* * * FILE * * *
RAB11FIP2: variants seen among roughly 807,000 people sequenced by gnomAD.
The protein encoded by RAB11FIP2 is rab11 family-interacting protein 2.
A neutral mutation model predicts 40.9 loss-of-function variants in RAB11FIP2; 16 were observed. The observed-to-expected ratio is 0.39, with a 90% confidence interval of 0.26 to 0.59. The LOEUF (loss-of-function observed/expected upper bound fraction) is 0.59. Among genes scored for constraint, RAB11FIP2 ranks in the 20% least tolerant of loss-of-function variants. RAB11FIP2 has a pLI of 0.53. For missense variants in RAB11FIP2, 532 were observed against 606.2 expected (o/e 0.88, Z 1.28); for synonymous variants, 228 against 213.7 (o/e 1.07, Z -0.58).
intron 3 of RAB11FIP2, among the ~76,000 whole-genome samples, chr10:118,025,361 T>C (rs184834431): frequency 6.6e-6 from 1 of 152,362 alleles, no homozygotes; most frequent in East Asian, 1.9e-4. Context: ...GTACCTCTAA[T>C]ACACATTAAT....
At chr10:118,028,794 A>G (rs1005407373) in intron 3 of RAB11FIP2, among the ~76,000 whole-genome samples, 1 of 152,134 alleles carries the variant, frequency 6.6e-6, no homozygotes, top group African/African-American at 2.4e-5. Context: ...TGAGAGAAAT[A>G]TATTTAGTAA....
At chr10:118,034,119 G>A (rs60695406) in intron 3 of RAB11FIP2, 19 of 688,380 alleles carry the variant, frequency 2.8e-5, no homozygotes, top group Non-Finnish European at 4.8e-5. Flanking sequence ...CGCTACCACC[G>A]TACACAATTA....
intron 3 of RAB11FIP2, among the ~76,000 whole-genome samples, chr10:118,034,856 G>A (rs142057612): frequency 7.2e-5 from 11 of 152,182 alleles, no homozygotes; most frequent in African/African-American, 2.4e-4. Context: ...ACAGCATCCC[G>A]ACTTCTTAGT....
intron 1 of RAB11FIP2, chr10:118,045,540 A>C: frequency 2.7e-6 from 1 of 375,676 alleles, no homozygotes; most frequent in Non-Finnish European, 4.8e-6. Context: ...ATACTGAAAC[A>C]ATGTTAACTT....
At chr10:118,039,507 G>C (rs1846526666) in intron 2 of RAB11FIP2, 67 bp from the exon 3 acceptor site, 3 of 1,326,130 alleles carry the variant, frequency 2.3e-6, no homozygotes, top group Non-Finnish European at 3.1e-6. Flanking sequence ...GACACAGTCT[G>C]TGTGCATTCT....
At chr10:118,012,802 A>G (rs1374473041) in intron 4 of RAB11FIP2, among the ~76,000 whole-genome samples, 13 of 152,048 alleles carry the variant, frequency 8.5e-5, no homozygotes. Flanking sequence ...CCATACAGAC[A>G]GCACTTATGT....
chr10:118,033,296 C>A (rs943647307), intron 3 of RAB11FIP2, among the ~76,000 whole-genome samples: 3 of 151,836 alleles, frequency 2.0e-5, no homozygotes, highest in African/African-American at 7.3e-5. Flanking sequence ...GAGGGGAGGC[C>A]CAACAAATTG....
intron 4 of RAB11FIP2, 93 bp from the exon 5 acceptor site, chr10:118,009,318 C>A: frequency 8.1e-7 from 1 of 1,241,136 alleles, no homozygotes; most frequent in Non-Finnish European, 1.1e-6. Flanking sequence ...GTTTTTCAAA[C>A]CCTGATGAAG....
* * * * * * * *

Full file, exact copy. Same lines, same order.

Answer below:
RAB11FIP2: variants seen among roughly 807,000 people sequenced by gnomAD.
The protein encoded by RAB11FIP2 is rab11 family-interacting protein 2.
A neutral mutation model predicts 40.9 loss-of-function variants in RAB11FIP2; 16 were observed. The observed-to-expected ratio is 0.39, with a 90% confidence interval of 0.26 to 0.59. The LOEUF (loss-of-function observed/expected upper bound fraction) is 0.59. Among genes scored for constraint, RAB11FIP2 ranks in the 20% least tolerant of loss-of-function variants. RAB11FIP2 has a pLI of 0.53. For missense variants in RAB11FIP2, 532 were observed against 606.2 expected (o/e 0.88, Z 1.28); for synonymous variants, 228 against 213.7 (o/e 1.07, Z -0.58).
intron 3 of RAB11FIP2, among the ~76,000 whole-genome samples, chr10:118,025,361 T>C (rs184834431): frequency 6.6e-6 from 1 of 152,362 alleles, no homozygotes; most frequent in East Asian, 1.9e-4. Context: ...GTACCTCTAA[T>C]ACACATTAAT....
At chr10:118,028,794 A>G (rs1005407373) in intron 3 of RAB11FIP2, among the ~76,000 whole-genome samples, 1 of 152,134 alleles carries the variant, frequency 6.6e-6, no homozygotes, top group African/African-American at 2.4e-5. Context: ...TGAGAGAAAT[A>G]TATTTAGTAA....
At chr10:118,034,119 G>A (rs60695406) in intron 3 of RAB11FIP2, 19 of 688,380 alleles carry the variant, frequency 2.8e-5, no homozygotes, top group Non-Finnish European at 4.8e-5. Flanking sequence ...CGCTACCACC[G>A]TACACAATTA....
intron 3 of RAB11FIP2, among the ~76,000 whole-genome samples, chr10:118,034,856 G>A (rs142057612): frequency 7.2e-5 from 11 of 152,182 alleles, no homozygotes; most frequent in African/African-American, 2.4e-4. Context: ...ACAGCATCCC[G>A]ACTTCTTAGT....
intron 1 of RAB11FIP2, chr10:118,045,540 A>C: frequency 2.7e-6 from 1 of 375,676 alleles, no homozygotes; most frequent in Non-Finnish European, 4.8e-6. Context: ...ATACTGAAAC[A>C]ATGTTAACTT....
At chr10:118,039,507 G>C (rs1846526666) in intron 2 of RAB11FIP2, 67 bp from the exon 3 acceptor site, 3 of 1,326,130 alleles carry the variant, frequency 2.3e-6, no homozygotes, top group Non-Finnish European at 3.1e-6. Flanking sequence ...GACACAGTCT[G>C]TGTGCATTCT....
At chr10:118,012,802 A>G (rs1374473041) in intron 4 of RAB11FIP2, among the ~76,000 whole-genome samples, 13 of 152,048 alleles carry the variant, frequency 8.5e-5, no homozygotes. Flanking sequence ...CCATACAGAC[A>G]GCACTTATGT....
chr10:118,033,296 C>A (rs943647307), intron 3 of RAB11FIP2, among the ~76,000 whole-genome samples: 3 of 151,836 alleles, frequency 2.0e-5, no homozygotes, highest in African/African-American at 7.3e-5. Flanking sequence ...GAGGGGAGGC[C>A]CAACAAATTG....
intron 4 of RAB11FIP2, 93 bp from the exon 5 acceptor site, chr10:118,009,318 C>A: frequency 8.1e-7 from 1 of 1,241,136 alleles, no homozygotes; most frequent in Non-Finnish European, 1.1e-6. Flanking sequence ...GTTTTTCAAA[C>A]CCTGATGAAG....